After I got out that time, I went to a pizza place. And I saw my friend Todd; he was with Jeremy. He asked if I wanted to go to New York City. They wanted to do a stick-up. I said, “I dunno; I just came home today.” They said, “Well, we got your number, we gonna beep you.” And all they did was: beeping me, beeping me, beeping me. I had stayed with my lady friend that night. That’s my daughter’s mother. That was the night my daughter was conceived. 

So the next morning, they beep me. I had a friend’s car and I drove over there. Picked them up. They brought the plan to me; I was willing to go.

All three of us were 17. None of us had licenses, the car wasn’t registered. One of us had a gun and the gun had four bullets. So, the plan was to find this location where they had given us some fake cocaine a few months ago. And go take something, try to get something back. So, that was the plan. It was a stupid-ass plan. You know what the federal judge called it? He called it “a hare-brained scheme.”

My Friends Didn’t Give Me the Full Story

So when we got to Manhattan, Jeremy stayed in the car. It was just me and Todd. When we got into the apartment there were three guys. The guy who opened the door, he had a gun in his hand. So we walked past him and there were two guys weighing the coke and putting it on the scale.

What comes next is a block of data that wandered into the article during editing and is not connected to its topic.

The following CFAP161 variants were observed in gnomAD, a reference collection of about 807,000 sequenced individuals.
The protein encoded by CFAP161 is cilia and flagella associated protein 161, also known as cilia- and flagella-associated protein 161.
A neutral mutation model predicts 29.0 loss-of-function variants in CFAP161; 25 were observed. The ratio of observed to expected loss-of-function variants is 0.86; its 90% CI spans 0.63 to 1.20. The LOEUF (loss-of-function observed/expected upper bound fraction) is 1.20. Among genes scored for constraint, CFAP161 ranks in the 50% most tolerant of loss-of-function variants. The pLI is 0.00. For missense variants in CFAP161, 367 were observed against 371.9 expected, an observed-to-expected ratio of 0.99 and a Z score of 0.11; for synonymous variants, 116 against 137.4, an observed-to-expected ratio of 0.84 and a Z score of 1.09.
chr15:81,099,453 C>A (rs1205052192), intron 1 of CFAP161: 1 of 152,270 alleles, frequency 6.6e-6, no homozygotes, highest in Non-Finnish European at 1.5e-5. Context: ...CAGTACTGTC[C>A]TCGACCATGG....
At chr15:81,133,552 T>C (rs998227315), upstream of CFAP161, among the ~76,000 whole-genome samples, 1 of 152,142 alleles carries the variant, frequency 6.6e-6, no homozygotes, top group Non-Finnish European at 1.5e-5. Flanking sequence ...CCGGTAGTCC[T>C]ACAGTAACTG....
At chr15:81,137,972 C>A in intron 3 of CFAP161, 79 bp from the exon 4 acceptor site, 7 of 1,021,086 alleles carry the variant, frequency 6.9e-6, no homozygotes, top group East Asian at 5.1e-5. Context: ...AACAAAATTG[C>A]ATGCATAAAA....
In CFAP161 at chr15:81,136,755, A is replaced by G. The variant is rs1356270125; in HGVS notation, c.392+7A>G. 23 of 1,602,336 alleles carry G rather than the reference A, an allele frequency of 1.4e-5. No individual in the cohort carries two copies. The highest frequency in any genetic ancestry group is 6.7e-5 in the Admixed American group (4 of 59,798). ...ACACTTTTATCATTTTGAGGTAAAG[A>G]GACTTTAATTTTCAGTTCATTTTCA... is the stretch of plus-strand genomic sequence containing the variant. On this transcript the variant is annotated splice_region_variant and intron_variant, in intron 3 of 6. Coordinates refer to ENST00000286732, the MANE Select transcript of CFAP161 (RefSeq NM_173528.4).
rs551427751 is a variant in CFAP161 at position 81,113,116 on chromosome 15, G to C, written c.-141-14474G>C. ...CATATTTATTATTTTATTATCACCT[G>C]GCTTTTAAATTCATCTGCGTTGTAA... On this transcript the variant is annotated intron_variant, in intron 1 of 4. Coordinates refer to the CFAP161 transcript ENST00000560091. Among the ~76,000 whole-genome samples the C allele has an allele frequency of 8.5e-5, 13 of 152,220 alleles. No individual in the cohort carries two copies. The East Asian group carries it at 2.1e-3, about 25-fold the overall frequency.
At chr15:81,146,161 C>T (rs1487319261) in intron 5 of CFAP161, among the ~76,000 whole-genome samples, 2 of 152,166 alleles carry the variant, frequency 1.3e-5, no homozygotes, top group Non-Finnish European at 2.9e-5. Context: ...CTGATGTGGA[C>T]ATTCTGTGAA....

What I did not know was: A few months before that, Todd and some other people came to that same area in New York and they robbed a lot of cocaine. I was in jail at that time so when I came home I was oblivious to this and they didn’t tell me because they didn’t want me to know. I could have said,  “Hell no, y’all just did that? I’m not going there.” 

These people ultimately ending up testifying on me at my trial. And they’re relatives of Todd.


I Nearly Lost My Life

The dealers went into a closet and pulled out a kilo. Then they opened it with a razor and peeled it back. They tried to get me to test it. But I don’t do drugs like that. So I said, “No.” They tried to get Todd to test it. He refused. So when we didn’t test it, I don’t know if they thought we were police but the whole energy shifted in the room.